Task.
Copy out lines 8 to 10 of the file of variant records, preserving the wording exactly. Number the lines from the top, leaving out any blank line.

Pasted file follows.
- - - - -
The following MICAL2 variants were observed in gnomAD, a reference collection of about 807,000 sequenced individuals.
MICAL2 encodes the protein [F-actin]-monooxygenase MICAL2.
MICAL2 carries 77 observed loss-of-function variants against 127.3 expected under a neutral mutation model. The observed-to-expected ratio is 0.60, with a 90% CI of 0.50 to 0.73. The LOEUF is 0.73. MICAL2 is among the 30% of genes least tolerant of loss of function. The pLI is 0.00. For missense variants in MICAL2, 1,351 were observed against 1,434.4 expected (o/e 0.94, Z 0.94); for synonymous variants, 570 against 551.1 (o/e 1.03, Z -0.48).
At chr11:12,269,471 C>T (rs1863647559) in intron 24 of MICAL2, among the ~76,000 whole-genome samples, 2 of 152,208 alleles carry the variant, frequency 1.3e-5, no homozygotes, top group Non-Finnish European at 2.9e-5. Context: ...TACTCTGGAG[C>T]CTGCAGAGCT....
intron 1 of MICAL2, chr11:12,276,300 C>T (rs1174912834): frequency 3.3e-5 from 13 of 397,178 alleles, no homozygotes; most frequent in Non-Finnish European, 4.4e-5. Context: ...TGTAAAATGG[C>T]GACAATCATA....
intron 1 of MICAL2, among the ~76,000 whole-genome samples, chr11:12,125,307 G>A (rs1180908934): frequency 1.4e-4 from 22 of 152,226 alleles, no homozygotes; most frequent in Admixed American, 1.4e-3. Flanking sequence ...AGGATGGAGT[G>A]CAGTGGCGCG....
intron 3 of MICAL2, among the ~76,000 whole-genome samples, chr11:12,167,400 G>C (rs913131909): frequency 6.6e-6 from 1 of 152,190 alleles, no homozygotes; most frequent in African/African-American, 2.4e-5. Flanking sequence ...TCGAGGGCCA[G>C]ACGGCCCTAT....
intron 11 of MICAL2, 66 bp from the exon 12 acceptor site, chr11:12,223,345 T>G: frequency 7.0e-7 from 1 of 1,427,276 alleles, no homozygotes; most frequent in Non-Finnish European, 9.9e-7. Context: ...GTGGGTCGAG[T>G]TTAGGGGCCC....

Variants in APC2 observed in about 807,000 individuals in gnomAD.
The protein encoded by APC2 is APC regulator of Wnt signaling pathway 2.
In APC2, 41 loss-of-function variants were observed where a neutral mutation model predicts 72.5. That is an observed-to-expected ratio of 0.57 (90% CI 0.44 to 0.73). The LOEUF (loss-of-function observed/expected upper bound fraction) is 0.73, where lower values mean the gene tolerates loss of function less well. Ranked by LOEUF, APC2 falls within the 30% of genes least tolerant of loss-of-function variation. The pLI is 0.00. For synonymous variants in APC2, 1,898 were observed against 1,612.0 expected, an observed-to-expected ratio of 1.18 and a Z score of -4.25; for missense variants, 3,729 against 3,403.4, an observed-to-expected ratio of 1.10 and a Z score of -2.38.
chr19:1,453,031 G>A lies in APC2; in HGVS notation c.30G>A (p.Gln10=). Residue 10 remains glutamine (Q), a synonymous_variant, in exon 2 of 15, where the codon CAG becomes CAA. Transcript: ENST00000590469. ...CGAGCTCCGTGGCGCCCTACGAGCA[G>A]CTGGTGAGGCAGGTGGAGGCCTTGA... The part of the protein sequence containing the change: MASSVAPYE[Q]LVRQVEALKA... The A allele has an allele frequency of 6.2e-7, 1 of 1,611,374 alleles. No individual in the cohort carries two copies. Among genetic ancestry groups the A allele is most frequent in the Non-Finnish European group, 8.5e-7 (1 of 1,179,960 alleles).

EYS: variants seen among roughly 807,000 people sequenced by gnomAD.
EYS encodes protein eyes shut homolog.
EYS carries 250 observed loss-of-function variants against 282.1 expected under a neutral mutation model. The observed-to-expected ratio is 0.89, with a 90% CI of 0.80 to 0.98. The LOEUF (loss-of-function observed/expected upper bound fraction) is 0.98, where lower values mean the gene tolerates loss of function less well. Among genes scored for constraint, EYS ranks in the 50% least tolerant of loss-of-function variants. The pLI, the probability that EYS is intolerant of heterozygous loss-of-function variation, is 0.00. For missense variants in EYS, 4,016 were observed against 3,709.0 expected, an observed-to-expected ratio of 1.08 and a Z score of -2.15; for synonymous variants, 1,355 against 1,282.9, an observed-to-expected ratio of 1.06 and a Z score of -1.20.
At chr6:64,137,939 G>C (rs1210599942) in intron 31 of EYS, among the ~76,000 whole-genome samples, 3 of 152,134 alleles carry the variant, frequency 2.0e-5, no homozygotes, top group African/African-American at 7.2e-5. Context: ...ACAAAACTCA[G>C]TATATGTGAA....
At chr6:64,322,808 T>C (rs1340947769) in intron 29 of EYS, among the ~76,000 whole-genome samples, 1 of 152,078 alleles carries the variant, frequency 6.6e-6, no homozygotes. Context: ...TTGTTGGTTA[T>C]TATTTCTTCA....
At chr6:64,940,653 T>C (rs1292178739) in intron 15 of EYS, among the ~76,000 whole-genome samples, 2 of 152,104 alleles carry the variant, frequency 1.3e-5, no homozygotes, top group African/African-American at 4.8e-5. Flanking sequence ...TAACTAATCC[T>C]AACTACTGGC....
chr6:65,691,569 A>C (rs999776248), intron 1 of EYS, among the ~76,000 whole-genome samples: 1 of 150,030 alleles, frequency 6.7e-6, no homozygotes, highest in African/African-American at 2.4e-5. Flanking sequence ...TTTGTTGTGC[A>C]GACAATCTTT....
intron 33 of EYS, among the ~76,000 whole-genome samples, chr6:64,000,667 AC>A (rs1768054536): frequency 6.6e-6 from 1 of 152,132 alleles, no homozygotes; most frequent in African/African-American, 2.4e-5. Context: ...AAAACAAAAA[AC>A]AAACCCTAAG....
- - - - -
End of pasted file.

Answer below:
intron 11 of MICAL2, 66 bp from the exon 12 acceptor site, chr11:12,223,345 T>G: frequency 7.0e-7 from 1 of 1,427,276 alleles, no homozygotes; most frequent in Non-Finnish European, 9.9e-7. Context: ...GTGGGTCGAG[T>G]TTAGGGGCCC....

Variants in APC2 observed in about 807,000 individuals in gnomAD.
The protein encoded by APC2 is APC regulator of Wnt signaling pathway 2.